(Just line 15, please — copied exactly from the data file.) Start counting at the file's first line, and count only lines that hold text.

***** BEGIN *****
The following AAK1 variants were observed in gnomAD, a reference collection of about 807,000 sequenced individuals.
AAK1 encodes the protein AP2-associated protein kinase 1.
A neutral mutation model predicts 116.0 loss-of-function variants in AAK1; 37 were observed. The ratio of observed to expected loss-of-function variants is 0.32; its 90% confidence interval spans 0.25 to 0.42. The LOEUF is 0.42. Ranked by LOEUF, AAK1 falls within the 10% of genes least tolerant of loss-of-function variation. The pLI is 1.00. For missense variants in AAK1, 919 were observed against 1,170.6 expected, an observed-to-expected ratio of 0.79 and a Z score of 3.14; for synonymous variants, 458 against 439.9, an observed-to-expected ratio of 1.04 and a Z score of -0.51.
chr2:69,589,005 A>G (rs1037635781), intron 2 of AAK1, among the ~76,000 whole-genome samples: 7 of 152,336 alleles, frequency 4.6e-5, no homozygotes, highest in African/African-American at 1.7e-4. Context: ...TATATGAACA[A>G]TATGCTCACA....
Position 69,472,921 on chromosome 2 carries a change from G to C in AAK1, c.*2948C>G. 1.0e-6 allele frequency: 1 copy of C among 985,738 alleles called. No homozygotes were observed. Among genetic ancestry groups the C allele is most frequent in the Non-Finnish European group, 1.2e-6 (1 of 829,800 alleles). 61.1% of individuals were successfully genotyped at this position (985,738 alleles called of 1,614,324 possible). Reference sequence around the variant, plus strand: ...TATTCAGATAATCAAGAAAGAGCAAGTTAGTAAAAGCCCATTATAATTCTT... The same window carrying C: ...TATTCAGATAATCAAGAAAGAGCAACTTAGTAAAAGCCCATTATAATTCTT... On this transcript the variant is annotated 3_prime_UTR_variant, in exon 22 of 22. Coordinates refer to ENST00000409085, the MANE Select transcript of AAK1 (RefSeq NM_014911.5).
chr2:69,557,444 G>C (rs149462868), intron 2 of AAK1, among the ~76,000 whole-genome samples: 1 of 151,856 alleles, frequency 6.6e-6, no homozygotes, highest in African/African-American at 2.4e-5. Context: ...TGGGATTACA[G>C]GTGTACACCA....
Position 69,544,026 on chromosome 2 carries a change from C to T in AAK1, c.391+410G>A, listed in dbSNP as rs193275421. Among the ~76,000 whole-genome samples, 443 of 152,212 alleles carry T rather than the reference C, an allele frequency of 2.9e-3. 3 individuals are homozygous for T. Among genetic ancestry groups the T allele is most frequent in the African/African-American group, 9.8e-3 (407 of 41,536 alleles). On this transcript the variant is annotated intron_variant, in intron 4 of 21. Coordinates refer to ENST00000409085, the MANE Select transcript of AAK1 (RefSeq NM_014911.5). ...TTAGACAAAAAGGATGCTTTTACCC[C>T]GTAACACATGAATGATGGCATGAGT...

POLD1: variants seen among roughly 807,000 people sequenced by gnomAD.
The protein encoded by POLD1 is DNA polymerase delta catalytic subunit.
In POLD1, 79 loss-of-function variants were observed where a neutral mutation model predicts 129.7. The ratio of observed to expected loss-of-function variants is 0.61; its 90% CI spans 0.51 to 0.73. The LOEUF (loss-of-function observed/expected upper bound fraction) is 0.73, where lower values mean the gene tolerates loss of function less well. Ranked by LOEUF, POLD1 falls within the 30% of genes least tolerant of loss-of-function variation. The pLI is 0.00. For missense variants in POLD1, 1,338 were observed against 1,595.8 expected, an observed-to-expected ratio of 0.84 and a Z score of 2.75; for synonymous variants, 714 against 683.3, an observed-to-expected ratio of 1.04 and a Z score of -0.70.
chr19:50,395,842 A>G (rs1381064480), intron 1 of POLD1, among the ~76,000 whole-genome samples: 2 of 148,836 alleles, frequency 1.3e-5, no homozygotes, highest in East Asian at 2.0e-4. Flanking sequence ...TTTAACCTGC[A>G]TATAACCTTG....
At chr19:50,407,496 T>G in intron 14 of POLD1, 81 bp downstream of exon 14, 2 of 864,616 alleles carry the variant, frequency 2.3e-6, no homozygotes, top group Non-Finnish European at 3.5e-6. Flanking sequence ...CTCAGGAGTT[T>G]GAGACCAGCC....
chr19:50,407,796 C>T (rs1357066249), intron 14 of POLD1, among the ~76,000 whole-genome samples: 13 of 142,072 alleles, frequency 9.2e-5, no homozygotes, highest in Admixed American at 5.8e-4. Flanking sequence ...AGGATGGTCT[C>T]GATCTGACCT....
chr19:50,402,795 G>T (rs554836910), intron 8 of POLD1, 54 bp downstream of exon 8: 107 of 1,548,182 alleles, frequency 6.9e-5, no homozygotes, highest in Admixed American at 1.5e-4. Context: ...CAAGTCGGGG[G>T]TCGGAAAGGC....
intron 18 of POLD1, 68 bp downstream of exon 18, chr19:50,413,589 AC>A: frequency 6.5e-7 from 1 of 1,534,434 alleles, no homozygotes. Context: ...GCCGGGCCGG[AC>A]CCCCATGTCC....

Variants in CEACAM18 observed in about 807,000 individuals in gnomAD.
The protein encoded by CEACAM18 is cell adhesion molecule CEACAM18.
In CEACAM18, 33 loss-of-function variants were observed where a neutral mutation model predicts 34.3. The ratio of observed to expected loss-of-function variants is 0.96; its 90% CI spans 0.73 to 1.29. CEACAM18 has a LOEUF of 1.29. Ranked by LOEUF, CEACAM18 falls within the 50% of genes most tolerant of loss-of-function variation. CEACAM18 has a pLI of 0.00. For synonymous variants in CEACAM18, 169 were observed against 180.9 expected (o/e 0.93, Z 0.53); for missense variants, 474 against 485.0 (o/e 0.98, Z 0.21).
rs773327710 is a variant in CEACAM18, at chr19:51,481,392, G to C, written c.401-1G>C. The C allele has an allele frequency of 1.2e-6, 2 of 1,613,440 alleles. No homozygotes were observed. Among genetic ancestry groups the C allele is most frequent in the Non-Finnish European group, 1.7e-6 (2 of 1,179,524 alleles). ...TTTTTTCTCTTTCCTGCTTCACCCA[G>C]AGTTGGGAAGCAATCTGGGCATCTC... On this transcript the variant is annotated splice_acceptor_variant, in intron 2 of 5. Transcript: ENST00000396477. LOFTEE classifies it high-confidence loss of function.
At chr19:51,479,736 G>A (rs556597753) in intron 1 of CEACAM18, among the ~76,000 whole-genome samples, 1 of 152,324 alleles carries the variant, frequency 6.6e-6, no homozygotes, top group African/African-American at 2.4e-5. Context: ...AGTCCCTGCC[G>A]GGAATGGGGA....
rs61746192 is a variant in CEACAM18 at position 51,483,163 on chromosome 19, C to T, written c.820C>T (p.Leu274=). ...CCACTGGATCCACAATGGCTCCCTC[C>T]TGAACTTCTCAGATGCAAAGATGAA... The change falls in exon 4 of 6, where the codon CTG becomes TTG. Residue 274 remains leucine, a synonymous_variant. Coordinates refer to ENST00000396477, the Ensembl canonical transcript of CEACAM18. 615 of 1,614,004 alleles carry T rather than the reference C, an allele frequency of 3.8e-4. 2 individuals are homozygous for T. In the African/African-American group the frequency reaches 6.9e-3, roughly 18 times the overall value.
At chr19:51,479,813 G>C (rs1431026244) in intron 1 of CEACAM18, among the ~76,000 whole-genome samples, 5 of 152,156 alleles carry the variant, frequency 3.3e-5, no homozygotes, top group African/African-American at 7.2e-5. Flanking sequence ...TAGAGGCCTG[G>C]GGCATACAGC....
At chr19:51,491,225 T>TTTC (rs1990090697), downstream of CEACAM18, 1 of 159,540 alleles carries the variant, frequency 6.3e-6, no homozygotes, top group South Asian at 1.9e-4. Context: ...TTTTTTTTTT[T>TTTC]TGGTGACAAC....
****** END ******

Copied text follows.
intron 18 of POLD1, 68 bp downstream of exon 18, chr19:50,413,589 AC>A: frequency 6.5e-7 from 1 of 1,534,434 alleles, no homozygotes. Context: ...GCCGGGCCGG[AC>A]CCCCATGTCC....